Economy spared from cliff-edge but job losses still inevitable, say experts


The Chancellor’s new coronavirus support plan will help spare Britain’s economy from a devastating autumn cliff-edge but will not be enough to halt a hike in unemployment, experts have warned.

Economists said Rishi Sunak’s wage subsidy scheme will head off some of the much-feared tsunami of unemployment that was on the cards if the furlough scheme ended without replacement on October 31.

This should in turn avoid the hit to growth from soaring unemployment, which had threatened to choke off the UK’s fragile economic recovery since lockdown.

But the economy is not out of the woods yet, with restrictions to control a resurgence in cases expected to take their toll alongside an impending year-end Brexit deadline.

And there are fears the new worker support programme will not be enough to save jobs in many hard-hit sectors, while employers will also need to stump up more cash to top up staff wages.

The Institute for Fiscal Studies (IFS) think tank said the new Job Support Scheme was “significantly less generous” than the furlough system it replaces.

The IFS suggested that the end of the furlough scheme will translate into “sharply rising unemployment” as jobs which relied on the state funding will cease to exist.

Paul Johnson, IFS director, said: “With employers now having to pay at least 55% of the normal wages of their employees, it is clear that many jobs will be lost over the coming months.”

Martin Beck, at Oxford Economics, said while it will help ensure only viable jobs are protected, “even allowing for the tax advantages via lower NICs payments to employers of part-time versus full-time workers, firms may still see a strong case for reducing headcounts rather than putting their workers on short-time”.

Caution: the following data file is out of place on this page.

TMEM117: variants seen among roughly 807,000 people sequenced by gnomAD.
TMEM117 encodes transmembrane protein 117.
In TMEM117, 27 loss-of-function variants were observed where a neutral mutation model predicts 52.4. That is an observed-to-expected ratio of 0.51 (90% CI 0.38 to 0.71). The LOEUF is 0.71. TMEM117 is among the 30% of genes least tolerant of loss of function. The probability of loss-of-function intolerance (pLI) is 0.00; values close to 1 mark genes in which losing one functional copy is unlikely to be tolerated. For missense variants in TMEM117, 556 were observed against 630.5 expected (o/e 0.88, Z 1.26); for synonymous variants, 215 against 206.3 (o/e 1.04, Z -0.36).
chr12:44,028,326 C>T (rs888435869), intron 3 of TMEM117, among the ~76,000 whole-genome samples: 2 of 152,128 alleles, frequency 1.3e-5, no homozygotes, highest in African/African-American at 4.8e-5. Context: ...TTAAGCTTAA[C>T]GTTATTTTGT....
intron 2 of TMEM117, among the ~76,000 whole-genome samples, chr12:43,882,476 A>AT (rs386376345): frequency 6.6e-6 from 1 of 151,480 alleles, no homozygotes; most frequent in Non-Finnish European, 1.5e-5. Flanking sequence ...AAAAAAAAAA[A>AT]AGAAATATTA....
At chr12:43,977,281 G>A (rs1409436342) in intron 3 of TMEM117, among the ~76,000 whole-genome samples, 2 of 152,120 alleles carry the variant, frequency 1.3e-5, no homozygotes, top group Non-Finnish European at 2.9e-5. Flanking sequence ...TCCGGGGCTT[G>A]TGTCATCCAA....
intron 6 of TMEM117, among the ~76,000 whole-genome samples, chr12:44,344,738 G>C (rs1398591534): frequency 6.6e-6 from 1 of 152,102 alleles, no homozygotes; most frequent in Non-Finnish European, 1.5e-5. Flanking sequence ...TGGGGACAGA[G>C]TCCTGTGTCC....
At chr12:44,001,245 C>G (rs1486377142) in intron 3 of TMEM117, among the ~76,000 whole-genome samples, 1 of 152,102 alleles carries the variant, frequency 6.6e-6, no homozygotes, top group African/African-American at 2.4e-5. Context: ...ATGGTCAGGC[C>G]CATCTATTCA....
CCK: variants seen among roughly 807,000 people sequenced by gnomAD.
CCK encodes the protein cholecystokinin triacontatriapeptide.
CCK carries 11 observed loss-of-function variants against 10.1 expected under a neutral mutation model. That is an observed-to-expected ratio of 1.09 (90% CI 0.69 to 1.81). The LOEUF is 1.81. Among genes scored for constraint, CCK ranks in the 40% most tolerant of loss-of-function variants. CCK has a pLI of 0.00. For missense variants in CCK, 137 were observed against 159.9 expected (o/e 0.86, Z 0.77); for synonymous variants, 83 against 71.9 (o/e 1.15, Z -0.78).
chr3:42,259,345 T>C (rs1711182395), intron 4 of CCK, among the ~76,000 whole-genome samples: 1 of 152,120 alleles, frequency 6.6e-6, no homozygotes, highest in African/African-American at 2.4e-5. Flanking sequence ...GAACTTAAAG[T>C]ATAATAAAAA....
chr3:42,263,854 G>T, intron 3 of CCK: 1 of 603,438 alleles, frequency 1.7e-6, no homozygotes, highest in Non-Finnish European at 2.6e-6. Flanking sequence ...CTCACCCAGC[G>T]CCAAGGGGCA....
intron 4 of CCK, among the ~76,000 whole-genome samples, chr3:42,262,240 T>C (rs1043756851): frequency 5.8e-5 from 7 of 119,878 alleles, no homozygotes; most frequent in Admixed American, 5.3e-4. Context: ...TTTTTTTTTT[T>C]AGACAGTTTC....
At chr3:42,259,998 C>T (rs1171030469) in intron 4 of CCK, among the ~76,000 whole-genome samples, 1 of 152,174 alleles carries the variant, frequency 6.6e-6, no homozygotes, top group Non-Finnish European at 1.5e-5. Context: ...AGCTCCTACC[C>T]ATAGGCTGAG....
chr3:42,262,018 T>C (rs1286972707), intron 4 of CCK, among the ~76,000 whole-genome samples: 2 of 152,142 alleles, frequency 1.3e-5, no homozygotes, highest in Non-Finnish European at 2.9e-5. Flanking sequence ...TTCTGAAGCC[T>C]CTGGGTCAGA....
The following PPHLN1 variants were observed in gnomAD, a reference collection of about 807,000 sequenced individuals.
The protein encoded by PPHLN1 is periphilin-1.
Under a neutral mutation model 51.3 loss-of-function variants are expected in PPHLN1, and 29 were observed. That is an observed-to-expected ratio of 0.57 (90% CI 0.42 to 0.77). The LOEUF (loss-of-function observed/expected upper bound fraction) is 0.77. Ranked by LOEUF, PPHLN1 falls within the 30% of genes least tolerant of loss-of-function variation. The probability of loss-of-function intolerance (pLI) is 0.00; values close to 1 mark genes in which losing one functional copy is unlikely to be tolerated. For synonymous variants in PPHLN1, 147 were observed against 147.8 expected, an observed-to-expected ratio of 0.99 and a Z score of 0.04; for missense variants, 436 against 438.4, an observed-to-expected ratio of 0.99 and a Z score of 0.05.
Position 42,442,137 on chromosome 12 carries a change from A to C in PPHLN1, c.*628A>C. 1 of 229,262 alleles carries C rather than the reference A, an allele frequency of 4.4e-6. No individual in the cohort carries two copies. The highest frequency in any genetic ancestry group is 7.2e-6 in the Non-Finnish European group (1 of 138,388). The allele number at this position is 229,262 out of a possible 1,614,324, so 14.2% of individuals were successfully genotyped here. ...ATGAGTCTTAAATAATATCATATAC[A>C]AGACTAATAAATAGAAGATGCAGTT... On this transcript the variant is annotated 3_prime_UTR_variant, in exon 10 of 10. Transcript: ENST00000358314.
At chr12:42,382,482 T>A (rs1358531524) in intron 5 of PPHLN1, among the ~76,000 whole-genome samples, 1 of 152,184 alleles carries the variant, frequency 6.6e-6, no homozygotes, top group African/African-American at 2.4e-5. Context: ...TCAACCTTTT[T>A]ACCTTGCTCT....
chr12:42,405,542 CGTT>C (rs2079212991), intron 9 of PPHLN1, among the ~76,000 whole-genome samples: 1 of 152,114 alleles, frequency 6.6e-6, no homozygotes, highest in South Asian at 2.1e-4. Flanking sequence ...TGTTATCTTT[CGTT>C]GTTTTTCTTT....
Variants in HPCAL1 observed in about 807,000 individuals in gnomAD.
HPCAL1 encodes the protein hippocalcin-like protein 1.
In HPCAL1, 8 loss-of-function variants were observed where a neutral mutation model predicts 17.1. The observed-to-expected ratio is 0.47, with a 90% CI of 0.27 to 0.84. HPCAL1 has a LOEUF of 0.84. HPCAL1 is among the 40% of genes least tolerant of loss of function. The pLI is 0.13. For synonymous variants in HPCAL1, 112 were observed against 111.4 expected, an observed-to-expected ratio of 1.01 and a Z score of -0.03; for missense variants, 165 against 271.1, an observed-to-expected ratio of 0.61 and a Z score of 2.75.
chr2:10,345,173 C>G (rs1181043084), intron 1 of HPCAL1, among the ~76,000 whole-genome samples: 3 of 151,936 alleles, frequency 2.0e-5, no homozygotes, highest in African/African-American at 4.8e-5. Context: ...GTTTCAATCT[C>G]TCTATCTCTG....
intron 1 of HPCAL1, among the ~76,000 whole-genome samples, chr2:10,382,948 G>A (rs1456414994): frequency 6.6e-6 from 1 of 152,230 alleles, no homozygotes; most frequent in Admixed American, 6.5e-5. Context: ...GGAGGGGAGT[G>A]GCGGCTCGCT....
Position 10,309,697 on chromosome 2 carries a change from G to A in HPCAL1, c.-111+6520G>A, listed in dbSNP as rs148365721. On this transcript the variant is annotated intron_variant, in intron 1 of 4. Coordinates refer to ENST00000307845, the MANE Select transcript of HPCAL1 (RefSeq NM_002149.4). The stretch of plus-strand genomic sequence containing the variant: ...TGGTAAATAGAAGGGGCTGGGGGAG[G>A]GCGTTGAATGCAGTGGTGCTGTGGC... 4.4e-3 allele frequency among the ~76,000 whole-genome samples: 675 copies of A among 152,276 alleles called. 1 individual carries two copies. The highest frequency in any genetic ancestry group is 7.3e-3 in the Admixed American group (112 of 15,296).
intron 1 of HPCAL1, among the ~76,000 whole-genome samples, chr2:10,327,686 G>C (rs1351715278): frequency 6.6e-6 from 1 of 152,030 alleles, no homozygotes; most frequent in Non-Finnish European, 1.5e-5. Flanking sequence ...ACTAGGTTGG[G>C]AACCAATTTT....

Philip Shaw, at Investec Economics, believes the six-month wage subsidy scheme will “smooth out” the cliff-edge that faced the economy after furlough and act as a “bridge to a period when the economic conditions will be less uncertain and maybe when the world will be closer to a vaccine”.

The new plan should also help brighten the UK growth outlook a little for the next six months, though it will not prevent a sharp slowdown in the recovery over the final three months of 2020, he cautioned.

Investec is pencilling in an 18.2% bounce-back in gross domestic product (GDP) for the third quarter as the UK emerges from its lockdown-induced recession.

Its predictions before the latest measures see growth slowing markedly to around 3.3% in the fourth quarter.

But James Smith, economist at ING, warned the Chancellor’s measures will not be enough to offset the impact of Covid-19 restrictions on the economy.

He predicts a contraction of 0.5% in October from the latest restrictions and said the hit would be far more severe if even tighter restrictions come into force to halt the second wave.

If the Government introduced a nationwide mini-lockdown for two weeks next month, the economy could plunge by up to 7% to 8% month-on-month in October, which would “almost certainly” drag fourth-quarter GDP below zero, according to ING.

Despite the latest measures from the Chancellor, ING said further action by the Bank of England is still likely to be needed before the end of the year, with another dose of quantitative easing most probable.


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